Venezuela’s embattled dictator Nicolas Maduro denounced “an international, global defamation campaign” against his government on Monday, in the wake of revelations that Venezuelan military officials had met several times with Trump Administration officials to discuss a coup. The alleged meetings, reported by the New York Times on September 8, followed years of escalating U.S. sanctions on Venezuela, designed to put pressure on the country’s repressive leaders who have overseen an economic and humanitarian crisis. Here’s what to know about the alleged plot to overthrow the Venezuelan government.
When did the meetings between Venezuelan officers and the Trump Administration take place?
The Times reported that the meetings took place from the fall of 2017 onwards, stretching into 2018. Rebellious members of the Venezuelan military initially reached out to the U.S. government in late summer, asking to discuss removing Maduro.
What prompted the meetings?
In August 2017, Maduro had installed a “constituent assembly,” a 545-strong body of legislators loyal to the president tasked with rewriting Venezuela’s constitution. A week later, President Donald Trump said he had not ruled out a “military option” for dealing with the country, after years of economic sanctions had failed to make the Venezuelan leadership restore democracy.
“The Venezuelan military are increasingly aware of the unprecedented scale of their country’s humanitarian crisis,” says Diego Moya Ocampos, a political risk analyst at IHT Markit. “While Maduro still has the support of the high military command,” Moya Ocampos tells TIME, “an escalating crackdown on dissent in the last six months, means he no longer has the full support of all the factions of the armed forces. That has generated a new dynamic.”
Why is Venezuela experiencing a humanitarian crisis?
Venezuela’s crisis began soon after Maduro took over the Venezuelan presidency in 2013 following the death of Hugo Chavez, the architect of Venezuela’s socialist revolution. Chavez nationalized huge sections of the country’s economy and used a boom in oil prices to fund vast welfare programs and government subsidies. But in 2014, the global oil price plummeted from $100 a barrel to around $26. They have since recovered to $50—but for Venezuela’s rigid, oil-dependent economy, it was too late.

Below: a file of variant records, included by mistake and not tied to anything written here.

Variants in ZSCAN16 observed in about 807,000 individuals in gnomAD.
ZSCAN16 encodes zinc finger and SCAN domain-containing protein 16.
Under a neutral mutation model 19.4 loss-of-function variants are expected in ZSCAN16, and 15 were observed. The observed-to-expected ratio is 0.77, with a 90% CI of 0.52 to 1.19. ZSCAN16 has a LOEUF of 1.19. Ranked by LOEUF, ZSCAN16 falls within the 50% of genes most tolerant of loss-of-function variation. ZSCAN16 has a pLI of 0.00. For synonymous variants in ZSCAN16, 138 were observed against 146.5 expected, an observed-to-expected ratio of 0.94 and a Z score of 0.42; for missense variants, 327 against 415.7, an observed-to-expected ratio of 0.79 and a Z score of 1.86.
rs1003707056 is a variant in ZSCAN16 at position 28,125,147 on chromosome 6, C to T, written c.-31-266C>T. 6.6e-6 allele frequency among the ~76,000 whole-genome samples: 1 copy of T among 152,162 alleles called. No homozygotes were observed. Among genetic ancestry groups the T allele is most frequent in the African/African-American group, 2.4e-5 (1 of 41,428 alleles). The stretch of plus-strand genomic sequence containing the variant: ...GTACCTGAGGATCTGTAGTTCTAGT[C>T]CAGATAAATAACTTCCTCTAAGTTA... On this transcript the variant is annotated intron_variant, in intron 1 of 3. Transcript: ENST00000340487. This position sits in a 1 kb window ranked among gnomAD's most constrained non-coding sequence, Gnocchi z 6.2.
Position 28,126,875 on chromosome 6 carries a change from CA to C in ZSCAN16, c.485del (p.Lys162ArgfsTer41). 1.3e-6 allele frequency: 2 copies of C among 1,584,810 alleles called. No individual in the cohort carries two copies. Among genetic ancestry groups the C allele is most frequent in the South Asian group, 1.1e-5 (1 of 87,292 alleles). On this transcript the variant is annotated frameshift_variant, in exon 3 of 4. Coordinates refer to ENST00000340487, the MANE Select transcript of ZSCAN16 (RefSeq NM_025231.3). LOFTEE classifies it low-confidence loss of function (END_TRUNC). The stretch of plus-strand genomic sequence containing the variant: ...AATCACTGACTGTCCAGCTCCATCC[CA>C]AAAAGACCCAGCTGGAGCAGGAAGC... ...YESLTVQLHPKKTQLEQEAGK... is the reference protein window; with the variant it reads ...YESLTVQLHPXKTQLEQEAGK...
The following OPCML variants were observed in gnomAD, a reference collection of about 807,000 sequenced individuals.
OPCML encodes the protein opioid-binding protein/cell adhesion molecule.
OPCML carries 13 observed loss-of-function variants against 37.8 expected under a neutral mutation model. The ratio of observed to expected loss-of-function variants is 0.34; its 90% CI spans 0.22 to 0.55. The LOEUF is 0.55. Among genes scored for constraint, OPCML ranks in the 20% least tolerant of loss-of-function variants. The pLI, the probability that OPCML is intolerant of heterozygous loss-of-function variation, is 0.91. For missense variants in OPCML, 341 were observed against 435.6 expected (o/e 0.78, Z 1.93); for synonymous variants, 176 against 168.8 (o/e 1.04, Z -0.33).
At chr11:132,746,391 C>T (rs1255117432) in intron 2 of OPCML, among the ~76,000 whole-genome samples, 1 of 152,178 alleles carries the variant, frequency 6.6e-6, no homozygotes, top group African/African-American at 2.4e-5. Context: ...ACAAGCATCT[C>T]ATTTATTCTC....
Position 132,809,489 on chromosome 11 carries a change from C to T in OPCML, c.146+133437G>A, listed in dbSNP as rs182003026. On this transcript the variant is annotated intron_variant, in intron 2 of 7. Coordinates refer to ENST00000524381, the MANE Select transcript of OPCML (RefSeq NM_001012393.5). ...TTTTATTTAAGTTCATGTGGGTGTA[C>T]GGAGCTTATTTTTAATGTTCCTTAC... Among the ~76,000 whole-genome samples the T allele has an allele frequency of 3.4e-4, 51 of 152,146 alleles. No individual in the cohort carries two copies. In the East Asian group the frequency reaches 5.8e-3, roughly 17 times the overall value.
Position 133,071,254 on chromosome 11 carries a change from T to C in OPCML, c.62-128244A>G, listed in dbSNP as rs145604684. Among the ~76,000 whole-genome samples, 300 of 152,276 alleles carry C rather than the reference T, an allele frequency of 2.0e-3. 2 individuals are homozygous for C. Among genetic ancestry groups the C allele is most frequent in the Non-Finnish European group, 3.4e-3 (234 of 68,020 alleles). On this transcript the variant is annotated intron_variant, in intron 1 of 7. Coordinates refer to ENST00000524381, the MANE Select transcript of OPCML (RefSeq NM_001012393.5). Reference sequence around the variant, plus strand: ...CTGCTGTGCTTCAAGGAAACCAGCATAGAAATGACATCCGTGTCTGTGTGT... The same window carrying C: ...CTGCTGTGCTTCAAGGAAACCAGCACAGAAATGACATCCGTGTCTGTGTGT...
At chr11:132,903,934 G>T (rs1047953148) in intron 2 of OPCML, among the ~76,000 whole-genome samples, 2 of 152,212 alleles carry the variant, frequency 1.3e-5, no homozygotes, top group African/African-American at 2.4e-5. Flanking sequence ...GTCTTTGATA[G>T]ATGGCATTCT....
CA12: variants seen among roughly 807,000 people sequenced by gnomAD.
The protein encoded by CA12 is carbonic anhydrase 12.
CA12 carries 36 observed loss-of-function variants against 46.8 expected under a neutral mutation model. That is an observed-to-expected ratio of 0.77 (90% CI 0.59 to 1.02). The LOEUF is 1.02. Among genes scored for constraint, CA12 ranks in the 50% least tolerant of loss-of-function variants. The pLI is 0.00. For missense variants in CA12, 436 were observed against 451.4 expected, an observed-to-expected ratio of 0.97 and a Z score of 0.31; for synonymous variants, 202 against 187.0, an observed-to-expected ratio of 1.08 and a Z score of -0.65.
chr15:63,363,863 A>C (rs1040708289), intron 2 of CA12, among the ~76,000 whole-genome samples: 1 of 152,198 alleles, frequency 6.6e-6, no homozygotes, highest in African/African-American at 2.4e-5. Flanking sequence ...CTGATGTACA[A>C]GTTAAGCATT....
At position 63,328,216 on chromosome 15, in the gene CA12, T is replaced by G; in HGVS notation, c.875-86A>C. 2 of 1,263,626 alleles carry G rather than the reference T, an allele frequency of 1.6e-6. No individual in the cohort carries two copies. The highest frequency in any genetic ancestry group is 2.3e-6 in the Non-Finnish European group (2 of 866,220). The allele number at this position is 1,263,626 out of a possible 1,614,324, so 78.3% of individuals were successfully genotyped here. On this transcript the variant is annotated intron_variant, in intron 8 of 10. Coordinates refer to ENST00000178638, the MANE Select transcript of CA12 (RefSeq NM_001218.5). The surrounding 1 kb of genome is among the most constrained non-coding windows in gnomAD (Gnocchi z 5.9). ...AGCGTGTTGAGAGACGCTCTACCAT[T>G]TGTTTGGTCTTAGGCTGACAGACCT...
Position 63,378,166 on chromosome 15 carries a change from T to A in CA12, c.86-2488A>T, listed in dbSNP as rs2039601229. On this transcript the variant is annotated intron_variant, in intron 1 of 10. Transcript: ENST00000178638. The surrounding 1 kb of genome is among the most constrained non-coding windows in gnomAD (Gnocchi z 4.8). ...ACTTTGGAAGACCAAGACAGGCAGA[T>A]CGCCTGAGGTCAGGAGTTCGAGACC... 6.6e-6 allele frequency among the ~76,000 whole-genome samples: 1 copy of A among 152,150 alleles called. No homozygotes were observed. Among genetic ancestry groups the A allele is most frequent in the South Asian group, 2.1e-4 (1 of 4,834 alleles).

Money flooded out of the country and inflation began to spiral out of control; it is set to hit 1 million percent by the end of 2018. The local currency, the bolivar, has become essentially worthless, leaving the government unable to pay for crucial imports and Venezuelans unable to afford basic supplies like toilet roll, food and medicine. At least 1.5 million people have fled to other Latin American countries and elsewhere since 2014.
How has the Venezuelan government responded to its crisis?
Venezuela’s government has responded to its economic woes with increasing authoritarianism, imprisoning political opponents and brutally repressing civilian protests over economic issues. In May, Maduro’s government declared victory in national elections that had been boycotted by the opposition. The international community has refused to recognize its re-election, with 14 Latin American and Caribbean countries, and Canada, withdrawing their ambassadors from Venezuela after the vote.
Did the Trump administration agree to help overthrow the Venezuelan government?
No. The Times says the American officials had gone to the meetings “on listening mode” and eventually decided against helping the officials.
The White House has neither confirmed nor denied the report, which was based on interviews with 11 current and former American officials and one former Venezuelan military commander.
How did the Venezuelan government respond to the meetings?
With outrage. On Twitter, Venezuela’s foreign minister Jorge Arreaza called the report “crass evidence” of plans for American intervention. “It’s absolutely unacceptable and unjustifiable that officials from Donald Trump’s government take part in meetings to encourage violent actions by extremist sectors with the aim of attacking Venezuelan democracy,” he wrote.
Maduro told reporters on Monday that claims of a humanitarian crisis were “defamation” used to “justify an unconstitutional event, a coup.”
Many in both Latin American and U.S. media say the report plays well for Maduro, who has long blamed his country’s troubles on a U.S.-led international conspiracy reminiscent of the Cold War. In the 1960s and 1970s, fearing the spread of communism to its southern neighbors, the U.S. helped to overthrow left-wing governments across Latin America. Washington often helped instal violent right-wing dictatorships in their place.
Is there likely to be a coup in Venezuela now?
While some parts of the military have lost faith in Maduro’s regime, “the vast majority are still upholding the status quo,” says Moya Ocampos. He adds that the military’s powerful counterintelligence forces have been using torture and arbitrary detention to stamp out dissent among officers.
The military are unlikely to act “unless civilian protests reach a scale that can’t be contained or there is a credible threat of the use of force from outside Venezuela,” says Moya Ocampos. “That could generate a response.”